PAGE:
Being asked to write an opinion piece about thoughts concerning MAM, archive and storage and all the related technologies is a great opportunity for reflection on the last 20 years I have been in this industry. Another aspect that plays into this introspection is the global pandemic situation and the even more recent #BlackLivesMatter protests that have ignited a whole other debate regarding our not too distant history and how this is embodied in public monuments such as statues of past dignitaries, or closer to our industry, in old TV programmes such episodes of Fawlty Towers or films like Gone with the Wind.
Starting on an emotional level, the immediate response is an overwhelming feeling of frustration and a sense of self-entitled “I told you so”-ness, however helpful that is.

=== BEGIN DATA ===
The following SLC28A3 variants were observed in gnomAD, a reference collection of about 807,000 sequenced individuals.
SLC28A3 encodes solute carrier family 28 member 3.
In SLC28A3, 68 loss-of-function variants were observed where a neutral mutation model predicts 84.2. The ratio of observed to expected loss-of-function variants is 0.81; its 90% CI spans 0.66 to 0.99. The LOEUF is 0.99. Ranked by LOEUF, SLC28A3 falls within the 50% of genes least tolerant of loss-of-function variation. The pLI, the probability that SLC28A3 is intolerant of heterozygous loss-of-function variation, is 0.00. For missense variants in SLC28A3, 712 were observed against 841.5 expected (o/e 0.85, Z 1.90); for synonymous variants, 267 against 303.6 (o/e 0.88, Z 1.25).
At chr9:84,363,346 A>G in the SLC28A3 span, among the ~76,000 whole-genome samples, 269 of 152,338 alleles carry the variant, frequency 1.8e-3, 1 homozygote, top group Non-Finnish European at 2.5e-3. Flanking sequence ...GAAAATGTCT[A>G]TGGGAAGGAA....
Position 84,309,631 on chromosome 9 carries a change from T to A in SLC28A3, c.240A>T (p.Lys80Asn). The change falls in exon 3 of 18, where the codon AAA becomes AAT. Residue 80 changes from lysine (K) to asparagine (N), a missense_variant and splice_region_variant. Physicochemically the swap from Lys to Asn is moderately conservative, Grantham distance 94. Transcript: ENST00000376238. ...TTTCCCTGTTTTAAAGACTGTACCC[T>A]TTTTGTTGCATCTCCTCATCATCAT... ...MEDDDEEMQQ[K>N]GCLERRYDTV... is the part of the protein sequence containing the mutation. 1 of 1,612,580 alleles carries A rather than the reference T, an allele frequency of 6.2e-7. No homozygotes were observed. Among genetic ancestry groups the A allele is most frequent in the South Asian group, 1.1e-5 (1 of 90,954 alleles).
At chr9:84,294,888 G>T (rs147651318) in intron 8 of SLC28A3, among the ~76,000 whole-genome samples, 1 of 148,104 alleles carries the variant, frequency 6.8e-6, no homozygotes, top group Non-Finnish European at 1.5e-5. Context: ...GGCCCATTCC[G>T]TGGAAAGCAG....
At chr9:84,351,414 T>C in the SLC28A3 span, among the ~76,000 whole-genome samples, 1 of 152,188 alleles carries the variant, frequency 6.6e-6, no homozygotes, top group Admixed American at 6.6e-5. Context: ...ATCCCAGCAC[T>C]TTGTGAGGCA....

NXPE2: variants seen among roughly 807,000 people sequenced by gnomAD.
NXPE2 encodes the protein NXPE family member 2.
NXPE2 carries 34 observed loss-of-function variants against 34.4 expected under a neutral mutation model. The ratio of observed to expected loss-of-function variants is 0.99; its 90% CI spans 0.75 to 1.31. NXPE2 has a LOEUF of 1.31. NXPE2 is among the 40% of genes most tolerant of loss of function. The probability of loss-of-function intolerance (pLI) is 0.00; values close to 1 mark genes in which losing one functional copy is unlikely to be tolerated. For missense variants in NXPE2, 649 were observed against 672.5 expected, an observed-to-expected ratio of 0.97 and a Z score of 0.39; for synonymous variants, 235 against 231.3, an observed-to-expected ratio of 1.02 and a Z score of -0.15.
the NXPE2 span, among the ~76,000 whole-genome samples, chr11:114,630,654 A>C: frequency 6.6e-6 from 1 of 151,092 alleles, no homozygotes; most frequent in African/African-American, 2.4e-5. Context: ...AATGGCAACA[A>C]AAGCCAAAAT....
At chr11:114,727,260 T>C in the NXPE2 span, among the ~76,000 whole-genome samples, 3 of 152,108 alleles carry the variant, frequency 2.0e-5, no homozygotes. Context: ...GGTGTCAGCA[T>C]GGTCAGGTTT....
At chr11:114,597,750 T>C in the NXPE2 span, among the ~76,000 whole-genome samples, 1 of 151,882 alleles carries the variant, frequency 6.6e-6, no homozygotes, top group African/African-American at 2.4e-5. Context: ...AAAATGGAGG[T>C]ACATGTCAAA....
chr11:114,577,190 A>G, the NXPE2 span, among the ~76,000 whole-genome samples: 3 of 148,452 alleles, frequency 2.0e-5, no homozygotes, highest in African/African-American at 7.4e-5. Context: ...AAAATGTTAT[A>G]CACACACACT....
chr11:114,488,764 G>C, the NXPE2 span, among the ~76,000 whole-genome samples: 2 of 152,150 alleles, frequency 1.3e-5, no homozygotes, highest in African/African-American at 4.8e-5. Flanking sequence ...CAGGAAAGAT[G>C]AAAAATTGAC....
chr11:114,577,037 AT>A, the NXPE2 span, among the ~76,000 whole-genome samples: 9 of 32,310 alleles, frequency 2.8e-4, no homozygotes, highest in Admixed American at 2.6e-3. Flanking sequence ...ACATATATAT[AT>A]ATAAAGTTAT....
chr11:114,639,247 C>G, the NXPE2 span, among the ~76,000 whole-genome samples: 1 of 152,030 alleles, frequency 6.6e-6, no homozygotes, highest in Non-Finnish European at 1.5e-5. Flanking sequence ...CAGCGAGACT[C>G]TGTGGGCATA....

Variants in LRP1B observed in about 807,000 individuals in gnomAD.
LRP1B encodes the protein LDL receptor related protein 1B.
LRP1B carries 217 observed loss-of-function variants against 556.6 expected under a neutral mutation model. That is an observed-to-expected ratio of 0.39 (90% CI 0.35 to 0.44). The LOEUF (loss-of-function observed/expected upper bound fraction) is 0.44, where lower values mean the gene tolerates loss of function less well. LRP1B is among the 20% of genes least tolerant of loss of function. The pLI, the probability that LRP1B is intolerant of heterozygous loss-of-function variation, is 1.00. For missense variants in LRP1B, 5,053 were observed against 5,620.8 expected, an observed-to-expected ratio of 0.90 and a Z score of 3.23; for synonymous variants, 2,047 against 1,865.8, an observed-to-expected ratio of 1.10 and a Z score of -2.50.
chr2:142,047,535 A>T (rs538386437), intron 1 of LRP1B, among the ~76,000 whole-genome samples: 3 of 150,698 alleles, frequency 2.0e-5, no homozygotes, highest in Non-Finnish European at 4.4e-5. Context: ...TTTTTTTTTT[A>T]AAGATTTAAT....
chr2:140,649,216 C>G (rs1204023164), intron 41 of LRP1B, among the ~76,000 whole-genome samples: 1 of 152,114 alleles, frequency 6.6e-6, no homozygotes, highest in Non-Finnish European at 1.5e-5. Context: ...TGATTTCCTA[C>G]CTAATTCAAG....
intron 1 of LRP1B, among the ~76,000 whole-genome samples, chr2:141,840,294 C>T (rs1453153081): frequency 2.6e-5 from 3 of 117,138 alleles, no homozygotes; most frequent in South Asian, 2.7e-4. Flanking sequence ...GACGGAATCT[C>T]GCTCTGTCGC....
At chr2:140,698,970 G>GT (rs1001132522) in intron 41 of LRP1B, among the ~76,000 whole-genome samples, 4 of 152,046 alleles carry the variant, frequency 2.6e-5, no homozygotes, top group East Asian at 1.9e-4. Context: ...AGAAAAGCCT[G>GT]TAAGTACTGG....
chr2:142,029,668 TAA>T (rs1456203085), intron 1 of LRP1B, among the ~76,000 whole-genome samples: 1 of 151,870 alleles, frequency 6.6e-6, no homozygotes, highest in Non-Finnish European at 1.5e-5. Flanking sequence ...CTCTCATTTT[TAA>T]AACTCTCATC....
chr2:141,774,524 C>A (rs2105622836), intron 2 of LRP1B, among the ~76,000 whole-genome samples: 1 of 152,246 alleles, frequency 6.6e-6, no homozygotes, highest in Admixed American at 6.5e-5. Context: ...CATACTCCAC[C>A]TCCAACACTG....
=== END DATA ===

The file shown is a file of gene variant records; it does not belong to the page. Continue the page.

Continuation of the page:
But the fact is, that after all these years too many broadcasters or media companies still do not have an over-arching technical archive strategy.
In many cases the situation is even worse than it ever was as tapes and other media have deteriorated and are gone for good. Moving to digital “workflows” has not made things any better. Silos, departmental islands, regional islands, different buckets of storage anywhere you look. Many, many databases, all leading their independent lives or dying quietly when projects or shows end. Each of these silos have their own social media “strategy” publishing their bits to YouTube, Twitter, Facebook, TikTok or whatever the respective countries’ local flavour of this is.